|Trott, Darren - MURDOCH UNIV, AUSTRALIA|
|Hampson, David - MURDOCH UNIV, AUSTRALIA|
Submitted to: Australian Society for Microbiology
Publication Type: Abstract Only
Publication Acceptance Date: August 1, 1996
Publication Date: N/A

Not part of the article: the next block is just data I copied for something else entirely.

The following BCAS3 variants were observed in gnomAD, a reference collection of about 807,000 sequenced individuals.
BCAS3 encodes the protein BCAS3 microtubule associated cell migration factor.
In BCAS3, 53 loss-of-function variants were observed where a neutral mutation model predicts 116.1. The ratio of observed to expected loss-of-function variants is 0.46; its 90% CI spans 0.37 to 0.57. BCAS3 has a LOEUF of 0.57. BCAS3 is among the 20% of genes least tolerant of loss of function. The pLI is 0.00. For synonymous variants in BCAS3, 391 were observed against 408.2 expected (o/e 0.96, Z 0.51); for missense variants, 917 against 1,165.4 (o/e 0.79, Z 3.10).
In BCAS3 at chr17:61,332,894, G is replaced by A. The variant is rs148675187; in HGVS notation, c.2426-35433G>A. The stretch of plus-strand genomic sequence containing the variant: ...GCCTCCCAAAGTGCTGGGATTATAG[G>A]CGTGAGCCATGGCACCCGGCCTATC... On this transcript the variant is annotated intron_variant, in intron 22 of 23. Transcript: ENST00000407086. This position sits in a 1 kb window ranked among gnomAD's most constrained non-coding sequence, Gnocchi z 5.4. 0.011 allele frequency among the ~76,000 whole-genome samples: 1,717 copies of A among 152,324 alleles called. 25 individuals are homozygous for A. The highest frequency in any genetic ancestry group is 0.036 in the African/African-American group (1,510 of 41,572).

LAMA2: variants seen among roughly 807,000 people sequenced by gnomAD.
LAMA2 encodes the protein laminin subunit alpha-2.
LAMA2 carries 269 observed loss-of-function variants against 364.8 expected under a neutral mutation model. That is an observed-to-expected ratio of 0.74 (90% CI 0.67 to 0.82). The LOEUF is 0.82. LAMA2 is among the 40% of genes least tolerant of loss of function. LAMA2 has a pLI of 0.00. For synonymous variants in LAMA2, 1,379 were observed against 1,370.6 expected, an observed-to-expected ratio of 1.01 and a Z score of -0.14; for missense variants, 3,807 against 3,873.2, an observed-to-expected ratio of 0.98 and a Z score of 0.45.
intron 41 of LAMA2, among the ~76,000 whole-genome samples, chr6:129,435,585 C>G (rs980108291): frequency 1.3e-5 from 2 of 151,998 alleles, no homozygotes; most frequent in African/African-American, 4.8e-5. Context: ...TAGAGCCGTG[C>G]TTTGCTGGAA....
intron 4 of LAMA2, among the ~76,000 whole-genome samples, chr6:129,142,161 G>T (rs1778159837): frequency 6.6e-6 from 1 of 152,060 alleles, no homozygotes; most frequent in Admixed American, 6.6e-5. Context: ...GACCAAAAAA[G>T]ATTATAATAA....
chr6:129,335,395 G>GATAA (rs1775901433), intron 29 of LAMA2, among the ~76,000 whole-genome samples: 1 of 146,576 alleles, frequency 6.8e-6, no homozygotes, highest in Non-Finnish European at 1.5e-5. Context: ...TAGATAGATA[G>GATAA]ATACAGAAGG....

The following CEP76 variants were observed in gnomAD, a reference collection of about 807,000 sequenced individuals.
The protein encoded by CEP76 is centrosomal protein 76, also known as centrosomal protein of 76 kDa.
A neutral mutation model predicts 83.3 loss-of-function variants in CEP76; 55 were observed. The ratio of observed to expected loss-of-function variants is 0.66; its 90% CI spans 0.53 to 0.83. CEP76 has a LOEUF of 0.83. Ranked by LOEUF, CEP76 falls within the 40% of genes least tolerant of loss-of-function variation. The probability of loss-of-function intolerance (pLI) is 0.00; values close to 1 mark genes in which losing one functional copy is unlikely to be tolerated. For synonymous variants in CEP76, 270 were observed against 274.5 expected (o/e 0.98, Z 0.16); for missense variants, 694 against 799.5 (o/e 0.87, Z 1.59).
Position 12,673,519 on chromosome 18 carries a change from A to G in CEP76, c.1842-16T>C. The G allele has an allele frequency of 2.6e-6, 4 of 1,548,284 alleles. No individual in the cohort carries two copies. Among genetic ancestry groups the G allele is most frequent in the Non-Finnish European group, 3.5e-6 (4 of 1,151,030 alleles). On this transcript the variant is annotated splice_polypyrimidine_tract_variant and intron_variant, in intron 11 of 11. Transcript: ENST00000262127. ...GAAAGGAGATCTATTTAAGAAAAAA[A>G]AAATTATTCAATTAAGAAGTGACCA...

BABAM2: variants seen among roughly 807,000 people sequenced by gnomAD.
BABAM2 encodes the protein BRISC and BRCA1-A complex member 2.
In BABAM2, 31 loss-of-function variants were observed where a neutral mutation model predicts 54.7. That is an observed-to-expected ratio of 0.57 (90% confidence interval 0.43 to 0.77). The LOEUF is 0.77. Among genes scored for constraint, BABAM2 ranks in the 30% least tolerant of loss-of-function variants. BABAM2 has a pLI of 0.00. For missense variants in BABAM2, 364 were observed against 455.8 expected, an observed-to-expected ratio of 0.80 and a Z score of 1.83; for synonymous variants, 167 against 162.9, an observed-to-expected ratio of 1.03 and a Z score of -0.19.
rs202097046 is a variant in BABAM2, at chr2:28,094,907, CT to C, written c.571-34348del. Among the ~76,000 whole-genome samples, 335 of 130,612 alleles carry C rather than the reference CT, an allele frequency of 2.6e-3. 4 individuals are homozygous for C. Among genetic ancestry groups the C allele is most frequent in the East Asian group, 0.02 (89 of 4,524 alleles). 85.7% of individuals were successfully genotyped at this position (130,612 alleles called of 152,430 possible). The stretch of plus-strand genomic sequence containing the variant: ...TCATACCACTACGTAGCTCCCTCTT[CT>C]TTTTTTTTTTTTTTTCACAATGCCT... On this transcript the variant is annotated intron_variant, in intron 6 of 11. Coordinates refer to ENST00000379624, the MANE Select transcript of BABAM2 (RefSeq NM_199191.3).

Technical Abstract: Intestinal spirochaetosis (IS) is a condition of humans and pigs in which large numbers of spirochaetes are found attached by one end to the colonic epithelium. IS has been experimentally reproduced in day-old SPF chicks infected with both human and porcine spirochaetes, and these have been shown to be genetically similar. Although they were originally thought to belong to a new genus and species, recent analysis of 16S ribosomal rRNA sequences has revealed that they are more likely to belong within the genus Serpulina, which already contains two species; Serpulina hyodysenteriae, the cause of swine dysentery, and Serpulina innocens, a nonpathogenic commensal organism. The phenotypic and genetic traits of three human and three porcine intestinal spirochaete strains recovered from cases of IS were examined and compared with the type strains of S. hyodysenteriae and S. innocens. Phenotypic traits that distinguished IS-associated strains included their ultrastructural appearance, faster growth rate and higher maximum cell density, fermentation of D-ribose, hydrolysis of hippurate and increased sensitivity to rifampicin and spiramycin. Intestinal spirochaetes associated with IS in both humans and swine apparently belong to a new species within the genus Serpulina.